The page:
The postwar situation, despite the great ethical advance constituted by eliminating virtually all de jure group-based distinctions between humans, reflects the incapacity of the victimary consciousness stimulated by the Holocaust to grasp the ideological basis of Nazism. One might say that the horrors of the camps did Hitler a perverse service by masking the specifically antisemitic rationale of his ideology. But in any case, antisemitism itself would surely have survived the Holocaust. The new source of its energy if not of its ideological content would be found in the Muslim world. The state of Israel, the embodiment of the Jews’ return to their Middle-Eastern homeland after their millennial experience of what had evolved into the modern Judeo-Christian civilization of Europe, became the focus of Muslim hostility as an alien product of the Jewish Diaspora. But where Hitler’s antisemitism corresponded to the affirmation as serious truth of the BS of the Protocols, Muslim hostility to Israel is ideologically grounded in the universal destiny of Islam, the corollary of which is that no previously Islamic territory can fall into non-Muslim, and surely not Jewish hands. Muslim antisemitism explains the obvious backwardness of the Muslim world with respect to the modern marketplace and its technology by identifying modernity with the Jews. The dominant position of the US in the world economy is easily enough associated with the same Jewish dominance. Sayyid Qutb’s exhortations to postwar Islamism, catalyzed by his horror at the licentiousness of 1940s Denver, Colorado, combine with horror at the dominance of Israel in the Middle East—and such as Mearsheimer and Walt are happy to solidify the link.

Whereas we can observe how modern antisemitism evolved in the light of the completed history of Nazism, we lack this advantage for the antisemitism of the postwar era. The Holocaust allows us to understand the horror of taking seriously the extrapolation from Jewish “exilic” abstraction to conspiratorial power over money and the market. Muslim hostility to Israel, in contrast, has not finished working itself out, and there is at least a sliver of hope that it can ultimately be resolved through cooperation between Israel and the liberal elements of Palestinian society. No doubt this hope has continually diminished in the years since the Camp David agreements, Oslo, and the growth of antisemitism in Europe and Asia (and on the American left) as if in resonance with Middle-Eastern hostility to Israel (see Chronicle 302 for a discussion of Mohammed Mahathir’s 2003 speech to the Islamic Summit Conference), increasingly gives the impression that the old paradigm has been revived in a modified form.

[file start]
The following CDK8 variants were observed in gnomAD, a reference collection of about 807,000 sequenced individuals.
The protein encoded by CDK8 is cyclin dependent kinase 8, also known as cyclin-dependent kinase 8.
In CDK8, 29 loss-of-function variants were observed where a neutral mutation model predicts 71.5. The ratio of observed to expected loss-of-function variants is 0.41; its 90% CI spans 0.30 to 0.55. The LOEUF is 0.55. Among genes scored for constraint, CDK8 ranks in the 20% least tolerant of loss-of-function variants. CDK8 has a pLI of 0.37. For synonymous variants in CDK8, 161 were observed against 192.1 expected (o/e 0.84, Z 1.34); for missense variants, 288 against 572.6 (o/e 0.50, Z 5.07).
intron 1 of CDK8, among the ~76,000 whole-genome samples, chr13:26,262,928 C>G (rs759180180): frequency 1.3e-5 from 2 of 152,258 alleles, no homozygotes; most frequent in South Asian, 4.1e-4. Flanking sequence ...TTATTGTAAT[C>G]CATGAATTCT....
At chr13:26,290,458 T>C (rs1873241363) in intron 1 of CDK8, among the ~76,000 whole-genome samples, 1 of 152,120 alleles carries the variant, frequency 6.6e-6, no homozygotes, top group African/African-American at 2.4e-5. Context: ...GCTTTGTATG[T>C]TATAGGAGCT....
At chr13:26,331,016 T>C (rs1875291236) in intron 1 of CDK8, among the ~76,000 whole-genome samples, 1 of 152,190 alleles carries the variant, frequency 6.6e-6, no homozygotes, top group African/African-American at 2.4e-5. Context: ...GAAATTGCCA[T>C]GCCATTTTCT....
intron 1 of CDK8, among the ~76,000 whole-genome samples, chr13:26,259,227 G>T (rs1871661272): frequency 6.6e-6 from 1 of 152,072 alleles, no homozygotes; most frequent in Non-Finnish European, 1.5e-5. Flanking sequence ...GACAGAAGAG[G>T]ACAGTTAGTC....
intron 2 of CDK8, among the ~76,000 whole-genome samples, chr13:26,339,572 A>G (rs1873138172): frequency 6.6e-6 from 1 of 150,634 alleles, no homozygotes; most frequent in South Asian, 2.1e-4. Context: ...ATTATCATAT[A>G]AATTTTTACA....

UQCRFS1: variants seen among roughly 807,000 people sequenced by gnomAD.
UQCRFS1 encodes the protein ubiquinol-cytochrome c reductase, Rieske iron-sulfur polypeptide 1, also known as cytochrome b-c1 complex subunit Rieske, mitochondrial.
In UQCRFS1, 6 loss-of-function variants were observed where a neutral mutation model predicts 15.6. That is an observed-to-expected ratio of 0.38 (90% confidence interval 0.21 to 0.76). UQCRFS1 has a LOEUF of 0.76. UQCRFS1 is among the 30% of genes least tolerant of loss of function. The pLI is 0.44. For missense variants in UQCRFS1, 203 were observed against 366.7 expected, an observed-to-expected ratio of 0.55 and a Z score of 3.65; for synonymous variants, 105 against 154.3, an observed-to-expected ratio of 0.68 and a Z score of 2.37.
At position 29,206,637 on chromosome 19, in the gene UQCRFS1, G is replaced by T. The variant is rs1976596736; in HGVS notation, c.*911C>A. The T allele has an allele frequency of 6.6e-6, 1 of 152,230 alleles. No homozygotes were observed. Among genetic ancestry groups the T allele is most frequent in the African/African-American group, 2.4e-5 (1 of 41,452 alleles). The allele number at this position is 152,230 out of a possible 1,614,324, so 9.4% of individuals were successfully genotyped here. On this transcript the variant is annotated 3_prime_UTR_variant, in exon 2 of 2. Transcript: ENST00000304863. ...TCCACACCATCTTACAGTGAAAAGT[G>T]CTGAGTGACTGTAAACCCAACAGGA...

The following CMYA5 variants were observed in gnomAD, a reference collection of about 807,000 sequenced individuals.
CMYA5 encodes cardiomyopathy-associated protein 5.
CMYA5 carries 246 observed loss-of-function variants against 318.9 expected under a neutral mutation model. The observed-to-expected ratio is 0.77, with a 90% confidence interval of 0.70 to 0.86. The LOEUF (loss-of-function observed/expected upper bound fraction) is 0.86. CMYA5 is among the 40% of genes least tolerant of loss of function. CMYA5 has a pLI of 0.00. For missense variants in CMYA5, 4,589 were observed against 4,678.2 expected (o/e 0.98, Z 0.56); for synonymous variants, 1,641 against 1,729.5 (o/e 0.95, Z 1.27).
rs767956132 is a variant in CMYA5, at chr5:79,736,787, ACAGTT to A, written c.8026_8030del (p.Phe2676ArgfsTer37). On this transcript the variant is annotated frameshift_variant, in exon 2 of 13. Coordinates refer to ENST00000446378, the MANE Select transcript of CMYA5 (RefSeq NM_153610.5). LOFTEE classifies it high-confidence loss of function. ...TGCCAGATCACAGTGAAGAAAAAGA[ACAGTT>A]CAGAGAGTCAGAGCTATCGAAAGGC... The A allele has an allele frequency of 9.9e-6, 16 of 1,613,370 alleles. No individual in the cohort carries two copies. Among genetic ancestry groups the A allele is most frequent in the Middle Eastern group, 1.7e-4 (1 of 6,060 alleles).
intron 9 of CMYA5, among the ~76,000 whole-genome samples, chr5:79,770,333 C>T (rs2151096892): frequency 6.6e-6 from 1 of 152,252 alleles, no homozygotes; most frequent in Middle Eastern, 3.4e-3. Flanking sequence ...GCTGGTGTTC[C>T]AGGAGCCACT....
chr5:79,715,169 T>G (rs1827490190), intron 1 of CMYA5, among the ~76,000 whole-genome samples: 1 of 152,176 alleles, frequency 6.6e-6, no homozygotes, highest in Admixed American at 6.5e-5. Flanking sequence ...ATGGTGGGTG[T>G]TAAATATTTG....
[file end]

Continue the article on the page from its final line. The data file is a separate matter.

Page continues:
Today’s Jews are seen less as the masters of the capitalist market than as using their wealth to control the political process directly. The existence of Israel allows the Elders of Zion to come out of the shadows as agents of the Jewish State—a state, alone of the nations of the world, considered openly by many as intrinsically illegitimate. From the Muslim standpoint, “Palestine” is a land of the Umma to which the Jews have neither legal nor historical rights. The oft-repeated claims that Jews never inhabited Palestine, that the Palestinian Arabs are descendants of the original “Canaanites,” that Jerusalem was never a Jewish city… mirror the Muslim claim that the Uncreated Koran is older than the Torah, from which, as the most superficial reading makes clear, it derives most of its religious history. For the Muslim world, Israel is the demonstration of the spuriousness of Jewish firstness; the Jews who claim to be returning to the land of their ancestors are European colonialists occupying a territory with no ancient connection to Jews at all. The insistence on such claims is significantly exacerbated by the objective reality of “post-socialist” Israel’s increasingly striking economic success, which contrasts all too evidently with the “third world” status of Muslim countries, dependent on oil wealth originally discovered and processed by Western interests.

What is new is that, in contrast with the era of bourgeois antisemitism, the Jews no longer inhabit the same countries as their “victims.” Following the creation of Israel and such events as the Iranian revolution, almost all Jews have been forced out of the countries of the Muslim Middle East, in most cases leaving their property behind. This objectively scandalous turn of events (cf. the “Palestinian refugee crisis”) has never aroused the least indignation anywhere outside of Jewish circles; expelling Jews is understood as a legitimate act for Muslim countries in the face of the existence of a Jewish state that will presumably command Jewish loyalties. So there is no Egypte juive or Irak juif for a latter-day Drumont to chronicle. In consequence, today’s Jewish achievements are seen less as the sort of local crimes chronicled by the latter than vaguer and vaster criminal enterprises on a world scale, illegitimate a priori because they take place on “occupied” territory. The Jews insure their continued world domination by, for example, promoting drug addiction among Gentiles (dixit Iran VP Mohammad Reza Rahimi this August 7) and even, in the writings of “serious” Muslim scholars at major Middle-Eastern universities, by means of the familiar pre-Passover blood-letting.